When Dave Stephens and the RMBooks web board came to my attention, I lost a little bit of my early hiking innocence. I believe it started out fairly benign but soon the atmosphere around the web board became more and more competitive. Dave even started a spreadsheet to track everyone’s progress on the Kane list compared with each other. Social media didn’t really exist yet, but the first hint of its future influence was already starting in the early days of online beta and trip reports. I started a web site called fresh-oxygen.com before changing over to explor8ion.com. I copied Dave’s idea of detailing my adventures, mostly as a way to remember them later for myself. There was no online community like Facebook or Clubtread back then, other than around 20-30 of us on the RMBooks forum, who all knew each other personally. It started out as good fun – we all wrote about our weekends as a way to entertain each other back in the boring humdrum of everyday life on Mon-Fri. Everyone I knew worked full time jobs, had families and considered themselves lucky just to get out 10-20 times per year. Yes. Per year.

Bill feels 20 again!

Once the tracking spreadsheet was born, I continued to scramble and hike many peaks because I loved to do it, but I noticed that I also wanted to summit more mountains than anyone else and if I’m brutally honest, I often wanted my summit list to matter to other people. I was looking for approval and kudos on my weekend pursuits and it made me feel special when people congratulated me on a certain peak or ascent time. This was ultimately a mistake that I have vowed never to repeat. Since the advent of social media I’ve seen this attitude explode around me, especially on Instagram and Facebook. Despite vowing to avoid this bottomless pit of unhappiness, I find myself standing on it’s slippery edge despairingly often. I’ve heard friends state bluntly that without Facebook they wouldn’t be climbing the peaks that they are – an honest admission that still amazes me with its implications. Ask yourself;

Are you doing what you’re doing in life because you really love it? Or are you doing it because you think you should love it? Because others love it? Because of the reactions of others?

Over the years I noticed that there was a compulsion lurking deep within me, ordering me to bag a summit at every opportunity. When you’re a family person such as myself, with a full time job and many other responsibilities outside of a single-minded pursuit of personal adventure, it can be very discouraging to see the feats and progress in technical climbing skills of your friends from behind a desk. My most “accomplished” year was 2015 when I managed to ascend 60 peaks in between all my other life commitments. I know more than one person who has done over 120 summits in one year! Next to that even my best year looks rather lame! I have to continually remind myself that there is a balance between what I actually enjoy and what I sometimes feel I should enjoy, and sheer numbers will never bring the happiness that quality imparts.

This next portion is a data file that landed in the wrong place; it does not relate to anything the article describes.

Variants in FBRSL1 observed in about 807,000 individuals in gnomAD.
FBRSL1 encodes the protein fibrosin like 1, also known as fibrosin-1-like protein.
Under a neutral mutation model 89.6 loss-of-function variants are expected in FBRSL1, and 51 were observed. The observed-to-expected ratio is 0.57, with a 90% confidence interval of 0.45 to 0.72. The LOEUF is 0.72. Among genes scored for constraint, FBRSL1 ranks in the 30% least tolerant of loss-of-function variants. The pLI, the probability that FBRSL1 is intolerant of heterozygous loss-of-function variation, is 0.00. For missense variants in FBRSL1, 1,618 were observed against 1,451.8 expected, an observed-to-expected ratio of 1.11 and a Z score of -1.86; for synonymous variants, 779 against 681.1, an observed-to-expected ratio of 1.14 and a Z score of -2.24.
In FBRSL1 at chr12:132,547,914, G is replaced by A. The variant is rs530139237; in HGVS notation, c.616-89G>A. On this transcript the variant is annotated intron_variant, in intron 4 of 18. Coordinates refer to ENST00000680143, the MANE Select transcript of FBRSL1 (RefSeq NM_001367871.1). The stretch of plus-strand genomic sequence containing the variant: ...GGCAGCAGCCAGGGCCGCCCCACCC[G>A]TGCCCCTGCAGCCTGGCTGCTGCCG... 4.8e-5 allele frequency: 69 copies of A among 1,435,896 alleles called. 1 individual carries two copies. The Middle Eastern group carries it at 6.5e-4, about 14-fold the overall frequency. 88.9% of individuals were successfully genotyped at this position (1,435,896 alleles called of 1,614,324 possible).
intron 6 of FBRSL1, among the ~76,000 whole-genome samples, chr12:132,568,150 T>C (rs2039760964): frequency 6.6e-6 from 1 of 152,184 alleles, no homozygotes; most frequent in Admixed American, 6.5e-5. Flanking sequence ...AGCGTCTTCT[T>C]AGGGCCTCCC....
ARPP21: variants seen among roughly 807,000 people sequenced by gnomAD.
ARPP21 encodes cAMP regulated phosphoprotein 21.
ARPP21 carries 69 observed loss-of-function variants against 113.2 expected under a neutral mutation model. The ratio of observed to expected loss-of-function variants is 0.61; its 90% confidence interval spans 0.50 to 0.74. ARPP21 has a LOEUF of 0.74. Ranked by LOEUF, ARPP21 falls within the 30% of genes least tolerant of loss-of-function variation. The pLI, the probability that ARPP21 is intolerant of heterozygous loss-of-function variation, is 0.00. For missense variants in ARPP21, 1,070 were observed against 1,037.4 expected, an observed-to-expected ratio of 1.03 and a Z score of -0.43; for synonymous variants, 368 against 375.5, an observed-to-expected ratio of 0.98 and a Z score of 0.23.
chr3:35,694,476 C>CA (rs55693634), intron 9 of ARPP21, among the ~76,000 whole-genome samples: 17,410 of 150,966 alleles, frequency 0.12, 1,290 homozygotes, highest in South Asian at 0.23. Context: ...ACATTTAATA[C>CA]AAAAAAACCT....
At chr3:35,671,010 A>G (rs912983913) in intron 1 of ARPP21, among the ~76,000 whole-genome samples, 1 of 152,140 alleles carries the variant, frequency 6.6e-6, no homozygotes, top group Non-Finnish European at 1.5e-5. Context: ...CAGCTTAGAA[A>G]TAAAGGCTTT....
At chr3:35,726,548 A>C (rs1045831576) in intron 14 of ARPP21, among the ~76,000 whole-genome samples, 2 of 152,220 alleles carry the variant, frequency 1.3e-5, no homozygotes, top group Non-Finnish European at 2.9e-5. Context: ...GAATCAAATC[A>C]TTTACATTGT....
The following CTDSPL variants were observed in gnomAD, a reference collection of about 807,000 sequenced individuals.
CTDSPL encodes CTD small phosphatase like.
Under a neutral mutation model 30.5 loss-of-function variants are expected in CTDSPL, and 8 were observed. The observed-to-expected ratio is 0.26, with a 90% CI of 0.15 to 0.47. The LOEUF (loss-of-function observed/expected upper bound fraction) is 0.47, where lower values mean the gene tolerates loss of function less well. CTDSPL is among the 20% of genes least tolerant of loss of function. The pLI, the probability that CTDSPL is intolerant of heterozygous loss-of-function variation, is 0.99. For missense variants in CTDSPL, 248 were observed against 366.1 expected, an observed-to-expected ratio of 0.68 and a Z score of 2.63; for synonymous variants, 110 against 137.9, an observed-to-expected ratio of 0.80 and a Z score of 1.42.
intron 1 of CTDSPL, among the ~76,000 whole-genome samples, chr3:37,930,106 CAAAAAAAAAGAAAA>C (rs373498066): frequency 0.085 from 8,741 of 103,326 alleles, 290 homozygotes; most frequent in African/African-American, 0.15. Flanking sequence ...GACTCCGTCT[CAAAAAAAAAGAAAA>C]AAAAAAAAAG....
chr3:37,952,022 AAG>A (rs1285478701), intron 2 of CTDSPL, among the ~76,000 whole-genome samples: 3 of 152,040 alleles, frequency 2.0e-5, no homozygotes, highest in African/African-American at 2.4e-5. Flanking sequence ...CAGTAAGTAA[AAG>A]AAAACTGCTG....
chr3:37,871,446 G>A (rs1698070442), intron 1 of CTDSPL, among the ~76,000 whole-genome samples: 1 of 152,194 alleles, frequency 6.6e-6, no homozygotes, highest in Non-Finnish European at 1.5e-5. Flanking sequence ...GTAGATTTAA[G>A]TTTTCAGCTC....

Unhealthy Ambitions and Sideways Glances

With the onset of social media making it very easy to brag, share and project so-called perfect lives and an unending stream of accomplishments with the whole world, I often find myself feeling very underwhelmed with my own adventures and my own life in general. I’m sure I’m not the only one affected this way. I’m not stupid. I completely understand that much of these projections are either completely false or at the very least, exaggerated, but they’re still tough for me to ignore. Part of the reason I am affected negatively by social media brags, is probably due to my naturally competitive nature. I tend to be hard on myself when I think other’s are outworking or out-adventuring me.

Phil enjoying himself at the false summit.
Phil enjoying himself at the false summit.

I have done enough research and met enough people to know that even the seemingly perfect lives of travel bloggers, mountain guides and ski bums isn’t all it’s cracked up to be. There’s a reason I haven’t pursued any of those things seriously myself. In a world full of people desperate to obtain “likes” and “shares” from complete strangers, I am constantly fighting my own desires for outside approval. It’s taken me many years to fully understand that the inside approvals and likes are the ones that really matter. The “likes” that really mean something only come from ourselves and our loved ones – not the 45,678 anonymous IG accounts, many of which aren’t even real people but rather emotionless marketing bots from Russia.